Matt: I believe the biggest hurdle for B2B marketers right now is the struggle to connect the dots and demonstrate results of marketing efforts. There are a lot of reasons why. First, most marketing and sales teams aren’t in alignment to properly track leads that come through, where they are routed and whether the opportunity results in a sale or not. Second, it can be a challenge with brands that route their leads to a dealer network. In most cases, there is a lack of follow-through to understand what happened with the leads. Lastly, brands are struggling with marketing technology. Either they don’t have a marketing automation and CRM system set up to track the customer journey or the tech stack they do have is disconnected or implemented improperly. Without this type of technology in place, it’s near impossible to understand what your marketing efforts are resulting in.
We’ve helped our clients from a consulting perspective, providing workshops to align marketing and sales teams, and helped embed marketing technology into their processes. Often, we have developed pilot programs, where we work with the marketing and sales leaders to create and execute campaigns in a platform where we can close the loop. The lead is directed to the designated salesperson, and we can track if the opportunity closes. This gives us the ability to look back at all the marketing touch points to determine which marketing channels are most effective. We can provide guidance on better allocating the marketing mix to invest in the channels that are working and stop those that are not delivering results.
Tactically, are there key focus areas that do factor into conversations cross-functionally and help with greater integration?
Matt: The website or landing page is really the heart of all digital marketing campaigns. While you can run lead gen or content syndication programs on third-party platforms, the website is usually the destination or hub for all of the most important information. Now more than ever, potential customers are seeking out knowledge and are educating themselves before they even consider reaching out to sales. It’s critical that the website contains detailed information necessary for each stage of the buyer journey.
From an awareness perspective, it’s critical that your website is highly visible in search engines for the relevant keywords for your business, products, services and solutions. Studies have shown that 80% of buyers today are starting their research with a search on Google. If your website is not ranking for those keywords, then you are losing out on potential customers and your competitors are getting that business.
In the consideration stage, it’s critical that your website contains white papers, e-books, videos, brochures, infographics and other downloadable assets so your prospects can self-educate themselves.
And finally, in the decision stage, it’s critical that your website contains clear CTAs and easy-to-find contact information so that your prospects can quickly reach you. At this point, a prospect should expect to be contacted by the sales team for a demo or sales presentation.
Throughout each stage of the journey, the campaign messaging is key, so that users arriving to the website know what to expect. What you’re broadcasting on social should align with what you’re communicating in email campaigns, which should align with what you’re saying in your digital ads.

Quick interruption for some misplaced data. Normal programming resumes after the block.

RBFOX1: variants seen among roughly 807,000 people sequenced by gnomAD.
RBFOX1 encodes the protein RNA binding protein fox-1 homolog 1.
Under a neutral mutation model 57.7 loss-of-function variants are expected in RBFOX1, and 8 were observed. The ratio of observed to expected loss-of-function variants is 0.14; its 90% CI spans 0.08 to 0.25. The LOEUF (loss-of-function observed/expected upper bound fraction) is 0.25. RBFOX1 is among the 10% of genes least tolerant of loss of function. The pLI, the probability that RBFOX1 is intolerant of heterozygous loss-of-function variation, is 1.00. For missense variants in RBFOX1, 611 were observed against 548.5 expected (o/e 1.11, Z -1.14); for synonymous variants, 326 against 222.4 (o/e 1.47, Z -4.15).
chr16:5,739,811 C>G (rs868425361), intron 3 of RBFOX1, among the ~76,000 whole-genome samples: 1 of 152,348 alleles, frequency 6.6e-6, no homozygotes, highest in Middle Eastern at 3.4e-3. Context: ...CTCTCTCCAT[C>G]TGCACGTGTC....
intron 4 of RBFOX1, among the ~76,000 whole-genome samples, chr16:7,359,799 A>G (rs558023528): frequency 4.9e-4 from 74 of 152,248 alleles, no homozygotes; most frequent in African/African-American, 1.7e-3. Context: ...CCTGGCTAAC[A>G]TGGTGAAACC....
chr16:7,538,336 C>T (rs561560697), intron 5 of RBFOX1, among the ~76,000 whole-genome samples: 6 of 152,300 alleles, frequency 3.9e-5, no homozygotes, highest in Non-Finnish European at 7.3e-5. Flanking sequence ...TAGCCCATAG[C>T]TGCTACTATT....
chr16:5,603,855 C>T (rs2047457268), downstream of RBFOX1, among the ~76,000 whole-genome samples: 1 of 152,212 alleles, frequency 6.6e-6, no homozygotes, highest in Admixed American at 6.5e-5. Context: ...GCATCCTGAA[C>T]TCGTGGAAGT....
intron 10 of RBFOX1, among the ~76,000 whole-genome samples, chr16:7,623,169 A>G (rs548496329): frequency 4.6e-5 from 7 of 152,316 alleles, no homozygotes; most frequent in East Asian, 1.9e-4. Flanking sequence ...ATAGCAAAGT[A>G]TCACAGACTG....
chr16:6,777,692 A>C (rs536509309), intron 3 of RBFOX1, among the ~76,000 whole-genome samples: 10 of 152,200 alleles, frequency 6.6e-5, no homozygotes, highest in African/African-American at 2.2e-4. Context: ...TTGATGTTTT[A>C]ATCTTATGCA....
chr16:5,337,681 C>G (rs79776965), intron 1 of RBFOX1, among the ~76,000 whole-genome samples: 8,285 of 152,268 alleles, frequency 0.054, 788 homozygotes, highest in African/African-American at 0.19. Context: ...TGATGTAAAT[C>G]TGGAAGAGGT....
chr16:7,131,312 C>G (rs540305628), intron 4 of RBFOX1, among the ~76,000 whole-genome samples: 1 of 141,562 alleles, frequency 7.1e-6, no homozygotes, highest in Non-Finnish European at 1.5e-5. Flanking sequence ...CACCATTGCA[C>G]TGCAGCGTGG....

What do you see as the greatest opportunity for B2B marketers over the next year?
Alison: During COVID, a lot of teams and programs have made some necessary shifts and there were some bumps and learning curves with that. Now, there is an opportunity to take what was learned, with a sense of what worked/what didn’t, and drive forward with solid, forward-thinking strategies in place.
B2B companies are making strong investments in marketing, with teams understanding the value of having a leading presence on digital channels and of being a resource for customers throughout the online customer journey. They are investing in and integrating new technology platforms to support e-commerce and ongoing nurture to drive demand. They know the value of an ongoing commitment to brand awareness to drive preference.
Matt: Going back to the importance of websites, I think this will be the year that brands have the opportunity to turn their focus on their website. In the past, many marketing teams haven’t had the capacity or ability to update their website, but with reduced marketing budgets, internal teams are now looking for organic ways to drive more leads. What happens, though, is that they find out the site runs on an archaic content management system and it can’t be updated, or corporate has put a lot of red tape in place to make updates. It’s critical the site be fast, mobile-friendly, ADA-compliant, easy to update and optimized for search engines. The C-suite has finally wakened up to the notion that, to stay competitive and cutting edge, the site needs a face-lift. We’ve been working with a lot of clients recently to find ways to cut through that red tape, redesigning their website from scratch so that they have better control of making their own updates while still adhering to brand guidelines and corporate policies.
Final question — of course, we have to ask! — what is your favorite part of working in B2B marketing at Godfrey?
Alison: I choose to work at an agency, and Godfrey specifically, because of the limitless variety and the daily challenges. There is always something to evaluate, to plan, to discuss, to move forward. I actually started my career on the account side and was able to make the move to become a strategist and help lead that team, so it’s not a straight path and I love those possibilities. Through my time at Godfrey, I have had the opportunity to continually learn, contribute and help advance myself, my teams and the agency.
And I get to work with some wonderful clients — for our legacy clients and for our newer ones, there is always a new solution, technology, industry or audience to learn about. We get to dig in, collaborate and make a difference for our clients and their business — building meaningful relationships and being invested in their success.
Matt: Godfrey is an agency built with people that truly care about making an impact in the world. Our team members are driven, fascinated and transparent and thrive on collaboration to help our clients tell unique stories that generate results. Godfrey has a legacy dating back to 1947, which is really cool. We have decades of experience and have helped hundreds of companies achieve their goals. It’s nice to be a part of a company that stays ahead of trends, offers opportunities for growth and truly provides a work-life balance.
Thank you, Matt and Alison, for sharing your perspectives!
Godfrey helps complex B2B industries tell their stories in ways that delight their customers.